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'A sense of belonging': Organizations work to help immigrants become U.S. citizens

Immigrants get help filling out their citizenship application at a North Carolina Asian Americans Together naturalization workshop in March of 2019.
Immigrants get help filling out their citizenship application at a North Carolina Asian Americans Together naturalization workshop in March of 2019.

There are more than 9 million legal , permanent residents in the U nited S tates who are eligible to apply for citizenship, according to the Department of Homeland Security.

But a lack of information and barriers su ch as l anguage and ti me req uired discourage these green card holders from taking the last step toward naturalization.

“It's this fear of a system they're not familiar with, and not wanting to do anything wrong,” said Chavi Koneru, founder of North Carolina Asian Americans Together .

Her group is working with national organizat ions such as New Ame ricans Cam paign to make applying for citizenship more accessible.

“Attaining citizenship for many people, gives them the sense of belonging and this sense of really having arrived,” Koneru said.

Koneru says she started the organization five years ago in hopes of supporting North Carolina’s Asian residents.

“Citizenship allows our community to have that equal voice. It allows folks to exert control over what's happening in their family and their community,” Koneru said. “It allows them to vote for representation that actually takes into account their needs.”

Citizenship is required to vote and run for federal office. But beside political power, there are also economic benefits to naturalization.

According to a study from the University of Southern California, becoming a citizen can increase income by up to 11% every year.

Yet the Center for Migration Studies says there are more than 26,000 immigrants in Mecklenburg County who are eligible to apply for citizenship but haven’t.

“The biggest challenge is really access to information about the process,” said Juan Rosa, the National Director of Civic Engagement at NALEO Educational Fund, a nonpartisan Latino advocacy organization . “The process can be very time - consuming.”

To apply for citizenship, legal , permanent residents have to fill out a lengthy form online, attend an interview and take an English and civics exam. They also have to pay a $640 filing fee and another $85 for biometrics where fingerprints and photos are ta ken.

It can also take more than a year to complete the process. So , renewing a green card every 10 years for around $540 is sometimes more appealing simply for its ease.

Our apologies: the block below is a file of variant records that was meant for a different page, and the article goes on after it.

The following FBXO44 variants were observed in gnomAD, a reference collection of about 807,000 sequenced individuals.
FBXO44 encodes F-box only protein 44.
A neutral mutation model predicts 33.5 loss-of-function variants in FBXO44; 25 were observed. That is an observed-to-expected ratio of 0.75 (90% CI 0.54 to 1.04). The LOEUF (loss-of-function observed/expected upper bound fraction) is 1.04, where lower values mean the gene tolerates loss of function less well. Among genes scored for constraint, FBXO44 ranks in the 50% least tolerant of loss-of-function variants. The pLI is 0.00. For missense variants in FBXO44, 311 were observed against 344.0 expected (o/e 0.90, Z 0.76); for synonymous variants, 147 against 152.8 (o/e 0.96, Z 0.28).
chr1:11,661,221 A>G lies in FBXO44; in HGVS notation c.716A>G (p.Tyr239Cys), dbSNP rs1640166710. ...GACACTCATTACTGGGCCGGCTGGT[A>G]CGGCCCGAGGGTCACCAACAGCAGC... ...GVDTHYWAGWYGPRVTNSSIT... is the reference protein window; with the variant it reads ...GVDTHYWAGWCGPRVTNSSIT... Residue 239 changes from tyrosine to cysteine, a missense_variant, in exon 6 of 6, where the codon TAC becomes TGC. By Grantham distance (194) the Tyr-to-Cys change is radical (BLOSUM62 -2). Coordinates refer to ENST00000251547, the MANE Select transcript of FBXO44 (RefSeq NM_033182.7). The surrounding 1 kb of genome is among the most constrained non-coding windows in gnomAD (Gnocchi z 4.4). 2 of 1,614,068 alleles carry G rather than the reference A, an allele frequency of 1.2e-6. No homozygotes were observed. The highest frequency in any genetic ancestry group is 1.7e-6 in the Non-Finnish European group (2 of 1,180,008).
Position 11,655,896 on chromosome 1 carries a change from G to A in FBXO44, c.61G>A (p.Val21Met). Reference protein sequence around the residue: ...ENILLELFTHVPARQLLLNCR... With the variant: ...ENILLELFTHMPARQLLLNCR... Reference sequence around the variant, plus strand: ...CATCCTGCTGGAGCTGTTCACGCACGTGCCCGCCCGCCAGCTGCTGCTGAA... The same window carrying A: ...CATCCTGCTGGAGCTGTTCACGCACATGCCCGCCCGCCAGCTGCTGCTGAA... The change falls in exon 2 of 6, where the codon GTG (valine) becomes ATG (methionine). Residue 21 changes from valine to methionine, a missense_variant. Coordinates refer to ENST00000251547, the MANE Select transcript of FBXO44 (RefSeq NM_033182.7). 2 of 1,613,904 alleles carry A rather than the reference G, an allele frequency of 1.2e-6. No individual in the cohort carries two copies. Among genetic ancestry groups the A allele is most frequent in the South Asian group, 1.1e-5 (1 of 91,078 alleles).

“People don't don't have information about who can help them in the community,” Rosa said.

That’s where the New Americans Campaign steps in. The program partners with local and national organizations with the goal of helping people become citizens.

The initiative launched 10 years ago and has helped a bout 500,000 people become citizens so far.

Most recently, the Knight Foundation, one of the partners, committed $1.5 million to seven cities , including Charlotte. Lilian Coral, the director for national strategy at the Knight Foundation , says the organization hopes these funds will help target 350 citizenship applications in North Carolina this year.

“So even though it's New Americans, I just emphasize these are often individuals who have lived in the country for so long and have already been a part of the process, but for whatever reason, haven't taken that last step,” Coral said.

Five organizations in the state are a part of the initiative: The Latin American Coalition, the Southeast Asian Coalition, NALEO Educational Fund, Catholic Charities Diocese of Charlotte and North Carolina Asian Americans Together.

“We've been able to help people who have been eligible for citizenship for over a decade and just haven't had that support getting through the process,” Koneru said.

Koneru says the organization hosts online and in person naturalization workshops for any immigrant eligible for citizenship. They provide assistance with filling out the application, submitting fee waiver forms and getting people prepared for the interview and civics test.

“We help them actually complete the process,” Koneru said. “And then we also provide a free legal review before they send their application out.”

North Carolina Asian Americans Together is hosting an outdoor, in-person workshop at 711 Hillsborough St. in Raleigh on Nov. 6 at 10 a.m. The deadline to register on the organization’s website is Oct. 22. The group will also have online appointments between Oct. 17 - Oct. 31. Registration for those is open until Oct. 18.

Copyright 2021 WFAE. To see more, visit WFAE.

Maria Ramirez Uribe
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